How much has your business grown in Asia over the last few years? Are you selling into Mainland China as well as HK, and what’s your growth there? Do you sell into South Korea?
I started to prospect in Asia when I was living in Singapore from 1997 to 2000. I first worked with Japan, which is still our biggest market in Asia (8%) then I really did a great job in Singapore—now 2%. My importers in Hong Kong and Beijing are both distributors and doing wine education, which is good because they organize lots of tastings with their students and that’s how our customers recognize the quality of Gonet, which is not a big name but most of the timer “bigger in quality.” I’ve worked in HK since that time but in China proper only for 3 years. Our growth there is slow but every year we reinforce our position. We sell also to South Korea to Duty free shops, and in Malaysia and India. We export to 20 countries!
How important is the USA in your plans? Are you targeting a specific segment of the American wine consumer?
USA is a strategic market because all the notes from wine critics, wine journalists and bloggers are very influential not only for the US market but also for the rest of the world. I am targeting especially the head sommeliers in top restaurants. I am sure we have excellent quality and above all with the Blanc de Blancs, all of them have the top terroir of Champagne region: the Chardonnay from Le Mesnil sur Oger. It is really a great soil and as long as you have Mesnil terroir in your Champagne the taste is different, especially the finish which as always is a remarkable, citrus-y taste that you cannot miss at the tasting. Then I think our Champagnes are also for real Champagne lovers who really appreciate the top Blanc de Blancs. But we have a large range that can also suit to anyone with the Brut Reserve.
What’s your biggest challenge in differentiating Gonet from the Grands Marques?
I will never have the budget to compete with the big names – but I’m sure that I can beat at the tasting! And surely in term of price. And I am travelling personally; this is probably a plus for the sommelier to meet me and be directly in contact with the producer.
You’re not precisely a negociant but not a strictly speaking a grower Champagne producer either? How do you describe Gonet?
We buy the equivalent of 5 hectares of Pinot Noir which is 25% of our production and those Pinots go only in the Brut Reserve. We could say that we are between growers and negociant. But we could be in a special category to be created: a boutique Champagne house and a family business. For our 5 different Blanc de Blancs, we grow the grapes which come from our own vineyards and we buy part of the Pinot of our Brut Reserve. My brother and I definitely think like growers because you can make a good champagne only if you get the top quality grapes. Each of our bottles is like a kid who you really believe in. We do not have the passion for marketing as much as for caring for our vineyards and making wine, and being proud of presenting our own “kids”.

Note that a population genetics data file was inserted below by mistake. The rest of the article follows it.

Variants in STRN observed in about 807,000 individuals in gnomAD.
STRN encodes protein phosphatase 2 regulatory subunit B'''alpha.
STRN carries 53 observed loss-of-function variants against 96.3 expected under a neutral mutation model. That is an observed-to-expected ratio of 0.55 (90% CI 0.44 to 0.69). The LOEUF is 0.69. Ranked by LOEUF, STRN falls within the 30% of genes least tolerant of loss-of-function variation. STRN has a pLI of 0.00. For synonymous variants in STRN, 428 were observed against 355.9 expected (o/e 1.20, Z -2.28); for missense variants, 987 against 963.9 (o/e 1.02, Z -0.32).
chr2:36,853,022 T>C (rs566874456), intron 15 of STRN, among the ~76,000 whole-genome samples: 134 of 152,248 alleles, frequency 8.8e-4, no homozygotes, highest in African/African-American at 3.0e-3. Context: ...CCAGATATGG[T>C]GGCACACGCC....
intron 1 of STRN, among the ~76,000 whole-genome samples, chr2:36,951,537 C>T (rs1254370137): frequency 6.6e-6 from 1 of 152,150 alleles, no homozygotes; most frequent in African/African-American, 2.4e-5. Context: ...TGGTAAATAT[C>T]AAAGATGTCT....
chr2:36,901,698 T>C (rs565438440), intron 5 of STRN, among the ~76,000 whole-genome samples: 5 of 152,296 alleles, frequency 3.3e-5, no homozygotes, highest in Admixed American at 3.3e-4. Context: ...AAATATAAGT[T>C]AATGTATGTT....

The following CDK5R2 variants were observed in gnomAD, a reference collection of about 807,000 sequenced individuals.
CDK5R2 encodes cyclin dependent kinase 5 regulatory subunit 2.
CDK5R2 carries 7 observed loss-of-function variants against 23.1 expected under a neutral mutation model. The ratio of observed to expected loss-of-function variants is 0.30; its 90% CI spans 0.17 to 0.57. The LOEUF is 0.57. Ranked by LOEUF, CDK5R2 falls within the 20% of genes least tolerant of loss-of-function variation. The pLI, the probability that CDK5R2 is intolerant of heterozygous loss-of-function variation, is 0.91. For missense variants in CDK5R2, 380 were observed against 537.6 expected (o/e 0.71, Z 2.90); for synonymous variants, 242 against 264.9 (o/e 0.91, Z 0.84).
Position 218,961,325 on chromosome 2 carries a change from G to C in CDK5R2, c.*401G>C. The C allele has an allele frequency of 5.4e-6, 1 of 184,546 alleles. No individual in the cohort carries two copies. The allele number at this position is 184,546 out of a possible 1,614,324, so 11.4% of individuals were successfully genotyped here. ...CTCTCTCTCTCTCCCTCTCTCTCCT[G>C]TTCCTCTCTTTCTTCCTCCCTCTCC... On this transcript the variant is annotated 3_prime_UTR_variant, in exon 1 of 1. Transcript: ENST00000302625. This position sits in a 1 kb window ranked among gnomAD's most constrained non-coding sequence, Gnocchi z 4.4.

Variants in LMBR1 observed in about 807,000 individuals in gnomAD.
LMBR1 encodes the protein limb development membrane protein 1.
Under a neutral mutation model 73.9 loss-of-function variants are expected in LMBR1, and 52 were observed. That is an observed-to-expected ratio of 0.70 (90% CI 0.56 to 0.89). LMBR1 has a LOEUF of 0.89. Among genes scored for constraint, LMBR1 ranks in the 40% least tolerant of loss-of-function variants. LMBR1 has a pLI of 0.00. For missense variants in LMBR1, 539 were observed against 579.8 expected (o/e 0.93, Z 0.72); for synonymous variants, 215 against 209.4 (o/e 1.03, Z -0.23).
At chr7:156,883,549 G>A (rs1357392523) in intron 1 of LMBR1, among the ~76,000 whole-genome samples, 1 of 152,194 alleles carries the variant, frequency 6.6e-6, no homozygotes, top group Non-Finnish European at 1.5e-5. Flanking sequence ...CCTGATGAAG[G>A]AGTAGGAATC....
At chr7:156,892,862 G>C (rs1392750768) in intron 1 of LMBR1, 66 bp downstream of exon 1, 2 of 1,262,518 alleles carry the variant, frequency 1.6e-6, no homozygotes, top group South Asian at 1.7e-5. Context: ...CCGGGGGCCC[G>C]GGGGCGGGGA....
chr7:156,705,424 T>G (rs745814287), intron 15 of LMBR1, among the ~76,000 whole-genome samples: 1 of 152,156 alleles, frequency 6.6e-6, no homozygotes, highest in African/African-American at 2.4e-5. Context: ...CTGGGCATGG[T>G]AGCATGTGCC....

You focus on Blanc de Blancs. Is that a historical aspect of your house? Why?
Personally I drink only Blanc de Blancs, my parents and my grandparents did so. Our palate is oriented for Blanc de Blancs. Historically until the 5th generation (my grandparents) the family had only Chardonnay vineyards. My father married a lady from the Vallee de la Marne who owned land in the appellation Champagne, exactly in La Chapelle Monthodon and Le Breuil, and my father planted those areas with Pinot Noir and Pinot Meunier. That is when we started the cuvee Brut Reserve, in 1972. It became the biggest item because it is probably the cheapest and the fruitier. We created in 2001 the cuvee Roy Soleil because my brother wanted to play with the Chardonnays from Le Mesnil and the barrels from Burgundy. In 2002 we started our first, top Belemnita Vintage. More recently in 2009, we created the Extra-Brut 3210 to focus on a very pure style like we love.
Tell me about your Rose. It’s certainly a departure from a Blanc de Blancs!
Our Rose is made of 15% Pinot Noir red wine from Vertus, next to Le Mesnil, and 85% of Chardonnay from Le Mesnil. My brother (the winemaker) wanted to make red wine because he studied in Burgundy and loved to make reds. Then we blend red and white wines just before the bottling. Our rose is really expressing our style, delicate and slightly fruity with a long finish like a pure Chardonnay.
Where in the NYC/NJ area can people get your wines? This is very important!!!
Manhattan: Garnet Wines & Liquors, and Brooklyn, Heights Chateau